Tuesday, May 18, 2010

30 Days of Dinner Time, Day 17

In the window, Nicole and Matt. They are the fifth married couple of the piece, though the other four were scheduled almost back to back in the first week. I went to grad school with Nicole, she is graduating in the next few weeks with her MFA. Matt is starting his residency as a medical doctor in the near future.

For dinner, Matt prepared a home cooked meal. Chicken with seafood marinara, salad, an amber colored beverage stored in a nalgene bottle, and a bottle of bubbly which they happily finished between them.

Tonight was the night of Clocks and Cars.

I have never been more aware of the time passing than I was for this dinner. Talking with them afterward, Nicole and Matt felt the awkwardness of the piece, the tension of not wanting to be theatrical but needing to be to maintain sanity on this small stage. Though she may not have realized the frequency, Nicole spent a great deal of energy responding to the awkwardness by checking the clock, her watch, anything for a gravity on her pending escape. Being aware of the time made it all the more present, even from the outside.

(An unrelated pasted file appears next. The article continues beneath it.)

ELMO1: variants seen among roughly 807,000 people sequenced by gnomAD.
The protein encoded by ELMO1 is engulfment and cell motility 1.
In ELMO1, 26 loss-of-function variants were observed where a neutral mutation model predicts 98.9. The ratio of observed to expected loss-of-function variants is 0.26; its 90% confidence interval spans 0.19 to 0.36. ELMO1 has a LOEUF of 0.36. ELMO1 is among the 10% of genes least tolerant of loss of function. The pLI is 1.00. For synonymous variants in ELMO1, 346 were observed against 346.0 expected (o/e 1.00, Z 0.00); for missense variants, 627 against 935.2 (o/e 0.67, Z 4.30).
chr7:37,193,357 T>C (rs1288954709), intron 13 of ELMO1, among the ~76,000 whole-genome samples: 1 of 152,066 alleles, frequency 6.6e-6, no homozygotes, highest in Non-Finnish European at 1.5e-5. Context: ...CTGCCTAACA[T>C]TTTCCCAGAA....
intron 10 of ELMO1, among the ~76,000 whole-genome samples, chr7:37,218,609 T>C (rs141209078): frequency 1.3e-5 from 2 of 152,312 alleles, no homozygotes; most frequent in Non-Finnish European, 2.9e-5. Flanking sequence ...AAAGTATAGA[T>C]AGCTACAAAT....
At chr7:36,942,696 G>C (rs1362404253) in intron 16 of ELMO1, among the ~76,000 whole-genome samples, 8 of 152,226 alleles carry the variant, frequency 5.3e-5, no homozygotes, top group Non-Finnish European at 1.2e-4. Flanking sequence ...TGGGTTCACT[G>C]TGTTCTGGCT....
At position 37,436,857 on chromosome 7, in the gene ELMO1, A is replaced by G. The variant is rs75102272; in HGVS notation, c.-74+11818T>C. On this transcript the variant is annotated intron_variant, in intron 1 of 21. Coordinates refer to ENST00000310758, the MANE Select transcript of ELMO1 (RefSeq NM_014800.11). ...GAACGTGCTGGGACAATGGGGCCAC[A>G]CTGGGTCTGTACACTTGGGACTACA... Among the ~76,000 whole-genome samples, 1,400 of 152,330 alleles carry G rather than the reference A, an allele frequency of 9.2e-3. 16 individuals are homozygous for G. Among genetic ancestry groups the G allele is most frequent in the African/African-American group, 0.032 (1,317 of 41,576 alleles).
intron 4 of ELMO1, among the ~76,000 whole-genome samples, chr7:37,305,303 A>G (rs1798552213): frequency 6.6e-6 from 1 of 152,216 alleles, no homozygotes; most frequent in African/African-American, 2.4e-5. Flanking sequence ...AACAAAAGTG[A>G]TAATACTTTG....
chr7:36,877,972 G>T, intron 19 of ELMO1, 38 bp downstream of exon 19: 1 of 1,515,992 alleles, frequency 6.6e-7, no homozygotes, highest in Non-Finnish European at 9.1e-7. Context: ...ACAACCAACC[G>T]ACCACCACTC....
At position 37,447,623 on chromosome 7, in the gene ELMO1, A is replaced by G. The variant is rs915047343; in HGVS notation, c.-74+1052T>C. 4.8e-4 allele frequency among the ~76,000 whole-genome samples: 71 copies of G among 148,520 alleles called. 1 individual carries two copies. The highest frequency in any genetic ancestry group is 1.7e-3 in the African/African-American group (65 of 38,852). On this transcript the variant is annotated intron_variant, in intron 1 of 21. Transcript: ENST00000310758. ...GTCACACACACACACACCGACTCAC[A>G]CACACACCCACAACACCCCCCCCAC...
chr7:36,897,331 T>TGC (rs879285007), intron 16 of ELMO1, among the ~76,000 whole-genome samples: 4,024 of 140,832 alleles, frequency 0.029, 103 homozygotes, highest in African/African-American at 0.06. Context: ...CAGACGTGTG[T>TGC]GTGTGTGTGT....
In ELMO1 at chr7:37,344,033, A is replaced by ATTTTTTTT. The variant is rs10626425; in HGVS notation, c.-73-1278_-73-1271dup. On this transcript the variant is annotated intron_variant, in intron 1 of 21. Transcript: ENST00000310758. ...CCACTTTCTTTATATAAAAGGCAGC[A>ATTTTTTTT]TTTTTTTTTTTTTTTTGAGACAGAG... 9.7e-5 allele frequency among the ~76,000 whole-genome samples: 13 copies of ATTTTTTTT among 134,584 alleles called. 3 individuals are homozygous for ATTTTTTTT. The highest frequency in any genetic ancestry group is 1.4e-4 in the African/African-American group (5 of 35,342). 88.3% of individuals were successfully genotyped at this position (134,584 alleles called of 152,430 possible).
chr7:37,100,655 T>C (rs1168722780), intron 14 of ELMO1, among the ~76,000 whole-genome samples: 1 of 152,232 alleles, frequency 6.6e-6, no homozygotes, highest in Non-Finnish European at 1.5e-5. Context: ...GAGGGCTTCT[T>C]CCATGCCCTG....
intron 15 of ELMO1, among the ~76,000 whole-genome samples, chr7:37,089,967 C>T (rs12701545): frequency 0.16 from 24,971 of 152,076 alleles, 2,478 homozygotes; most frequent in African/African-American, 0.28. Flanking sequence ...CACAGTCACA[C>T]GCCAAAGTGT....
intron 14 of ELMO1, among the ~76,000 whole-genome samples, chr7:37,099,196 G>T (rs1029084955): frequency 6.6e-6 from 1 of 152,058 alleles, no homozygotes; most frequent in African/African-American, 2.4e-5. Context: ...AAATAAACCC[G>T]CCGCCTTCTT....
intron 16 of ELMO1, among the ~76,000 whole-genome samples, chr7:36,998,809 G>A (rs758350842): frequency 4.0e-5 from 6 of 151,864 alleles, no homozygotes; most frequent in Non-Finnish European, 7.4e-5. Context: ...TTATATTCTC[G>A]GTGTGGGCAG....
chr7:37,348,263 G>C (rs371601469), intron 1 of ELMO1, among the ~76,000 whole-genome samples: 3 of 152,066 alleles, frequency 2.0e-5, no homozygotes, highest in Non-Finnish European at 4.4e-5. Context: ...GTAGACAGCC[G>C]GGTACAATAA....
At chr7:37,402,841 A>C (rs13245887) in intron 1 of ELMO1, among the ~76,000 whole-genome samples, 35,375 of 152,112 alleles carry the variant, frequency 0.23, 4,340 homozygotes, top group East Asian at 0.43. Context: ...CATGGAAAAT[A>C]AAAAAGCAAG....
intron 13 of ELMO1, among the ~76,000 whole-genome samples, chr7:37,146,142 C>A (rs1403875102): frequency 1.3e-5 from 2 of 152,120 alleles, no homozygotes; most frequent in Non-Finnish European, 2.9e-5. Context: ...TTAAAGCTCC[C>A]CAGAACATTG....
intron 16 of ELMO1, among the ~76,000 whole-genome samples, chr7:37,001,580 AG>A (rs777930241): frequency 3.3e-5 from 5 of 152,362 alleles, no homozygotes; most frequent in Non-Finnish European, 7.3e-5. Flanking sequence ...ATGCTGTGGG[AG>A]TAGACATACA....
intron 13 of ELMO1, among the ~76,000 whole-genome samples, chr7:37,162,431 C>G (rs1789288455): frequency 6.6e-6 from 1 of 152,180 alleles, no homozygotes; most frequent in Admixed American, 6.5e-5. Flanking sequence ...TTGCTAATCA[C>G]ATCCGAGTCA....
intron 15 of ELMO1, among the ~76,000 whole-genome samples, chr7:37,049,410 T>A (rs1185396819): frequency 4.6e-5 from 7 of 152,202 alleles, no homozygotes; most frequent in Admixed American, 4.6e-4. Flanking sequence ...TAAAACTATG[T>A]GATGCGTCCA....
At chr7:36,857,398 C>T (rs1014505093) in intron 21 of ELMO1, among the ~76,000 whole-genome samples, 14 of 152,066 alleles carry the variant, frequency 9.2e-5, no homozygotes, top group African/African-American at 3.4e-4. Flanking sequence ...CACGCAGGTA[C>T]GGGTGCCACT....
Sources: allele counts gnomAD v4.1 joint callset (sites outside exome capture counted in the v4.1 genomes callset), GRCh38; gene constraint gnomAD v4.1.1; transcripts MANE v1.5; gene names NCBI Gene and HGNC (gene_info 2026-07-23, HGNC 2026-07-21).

Cars come into play when talking about the night's viewership. Not many people walked by on foot but a great deal of vehicles pulled off to watch, honked, paused at an intesection, and momentarily parked to observe the piece. I find it interesting that the night which (potentially) the most self-aware participants were in the window was also the night that the entire neighborhood opted to observe in secrecy. Perhaps the tension of expecting observation without experiencing it outright could make a participant even more self-conscious... reminiscent of "they're always watching" conspiracy theories.

The second set of police officers for this piece joined the drive-up viewing as well. I mentioned last time how goody-two-shoes I feel when speaking with the police, as I've never been in any serious trouble in my life. This interaction was different though. When I walked to them to introduce myself, they seemed nervous of ME. As though I was going to blame them for staring with their governmental eyes, ruining my pure gesture. In the conversation of assumptions and perseptions, these two police officers must have a very interesting image of their presence in the world... they are not just people, they're symbols. Symbols watching secretly like all the others but also always on stage themselves.

No comments:

Post a Comment